Beaver talk enjoyed at natural history society

Bjorna who originally came from Norway to breed in Argyll.

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Arran Natural History Society welcomed speaker Pete Creech on Thursday February 6.

Pete is the environmental interpretation officer at the Argyll Beaver Centre and gave an excellent talk on the Eurasian beaver reintroduction programme in Knapdale which started with the arrival of four beaver families from Norway in 2009, a total of 14 beavers, including Bjorna, who is now approximately 14 years old.

Another 28 beavers have been introduced between 2017-2020 including one named by local schoolchildren as Justin Beaver!  The Beaver centre is open from Sunday March 22 until Friday October 30 and there are weekly guided walks starting at 6.30am to look for the beavers. This would make an excellent short trip from Arran or a destination to move on to for tourists visiting Arran.

At the meeting there was great interest in the project and we learned many excellent beaver facts. Beavers are, of course, nature’s hard working engineers creating dams , canals and lodges, like the one created by Bjorna in the photograph. Through flooding areas they create completely new ecosystems and benefit many types of wildlife and natural vegetation .

The lodge shown is 4-5m across and 2-3 metres high with an underwater entrance. A beaver family will move to a new loch and create a new lodge every 2-3 years.

They will only move a very short distance away from water to collect food and their preference is for the leaves of aspen, willow, rowan and birch plus water lily leaves and roots, rushes and reeds and even bracken. In the winter they eat bark and they also like sweet potatoes as a boost to help them when first released.

Beavers are native to the UK and used to be widespread in England, Wales and Scotland but were wiped out here 400 years ago because of hunting for their pelts, used for coats and hats, their meat and ‘castoreum’, a secretion used in perfumes, food and medicine.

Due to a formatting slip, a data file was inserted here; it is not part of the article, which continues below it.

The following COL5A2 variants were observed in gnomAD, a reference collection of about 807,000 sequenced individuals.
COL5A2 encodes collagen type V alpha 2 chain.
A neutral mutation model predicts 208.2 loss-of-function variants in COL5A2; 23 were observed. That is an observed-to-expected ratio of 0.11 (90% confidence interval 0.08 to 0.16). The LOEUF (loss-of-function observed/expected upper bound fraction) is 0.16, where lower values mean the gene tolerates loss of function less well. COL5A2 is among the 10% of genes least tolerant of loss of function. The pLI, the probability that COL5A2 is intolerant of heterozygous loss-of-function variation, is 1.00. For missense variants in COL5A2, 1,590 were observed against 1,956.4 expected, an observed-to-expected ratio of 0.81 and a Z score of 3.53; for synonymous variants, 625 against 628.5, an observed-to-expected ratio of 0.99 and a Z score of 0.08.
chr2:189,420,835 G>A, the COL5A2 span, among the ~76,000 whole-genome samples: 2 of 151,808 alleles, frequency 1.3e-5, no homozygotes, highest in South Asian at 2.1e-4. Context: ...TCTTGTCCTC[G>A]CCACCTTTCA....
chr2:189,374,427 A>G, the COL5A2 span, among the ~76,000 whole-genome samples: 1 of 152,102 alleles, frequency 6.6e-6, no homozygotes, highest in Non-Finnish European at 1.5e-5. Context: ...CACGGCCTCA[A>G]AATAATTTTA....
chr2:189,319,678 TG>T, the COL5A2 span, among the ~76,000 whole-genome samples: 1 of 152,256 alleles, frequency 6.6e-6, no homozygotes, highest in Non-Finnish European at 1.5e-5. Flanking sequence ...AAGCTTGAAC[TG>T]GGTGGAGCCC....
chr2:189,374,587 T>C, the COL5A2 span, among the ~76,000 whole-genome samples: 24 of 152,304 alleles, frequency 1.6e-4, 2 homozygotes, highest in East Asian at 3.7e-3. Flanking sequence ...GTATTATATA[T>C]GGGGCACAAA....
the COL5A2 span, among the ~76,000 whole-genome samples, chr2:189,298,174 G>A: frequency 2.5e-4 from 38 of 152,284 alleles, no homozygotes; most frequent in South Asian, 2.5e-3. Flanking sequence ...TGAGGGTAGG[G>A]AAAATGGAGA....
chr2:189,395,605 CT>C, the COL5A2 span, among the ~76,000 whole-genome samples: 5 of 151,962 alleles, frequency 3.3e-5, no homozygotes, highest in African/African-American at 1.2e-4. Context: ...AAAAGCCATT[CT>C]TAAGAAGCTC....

Beavers pairs produce one litter of around three kits each year. Although they are weaned at six weeks old, they stay with their family for around three years and do not survive if separated from the family group. Unlike otters they cannot survive in sea water except for a very short swim from one river mouth to the next.

In May 2019 the Scottish government declared them a native species and they are now  protected. It is illegal to interfere with the animals, their lodges and their dams. I’m sure that many of us at the talk will be looking forward to  making the trip to visit the beavers in 2020.

The next meeting society will on Thursday March 5 at the Brodick Castle rangers hut starting at 8 pm. The talk will be given by  Lindsay MacKinlay and is entitled: On the trail of Scotland’s wild plants, the adventures of a Scottish botanist. We look forward to welcoming Lindsay to Arran after her previous attempt last year to speak to the society was foiled by the weather and no ferry.

                                                                                                                          Charlotte Clough

Bjorna who originally came from Norway to breed in Argyll. NO_B07beaver01

Beaver footprints in the sand. NO_B07beaver02

Coille Bharr Lodge which was built by Bjorna.  NO_B07beaver03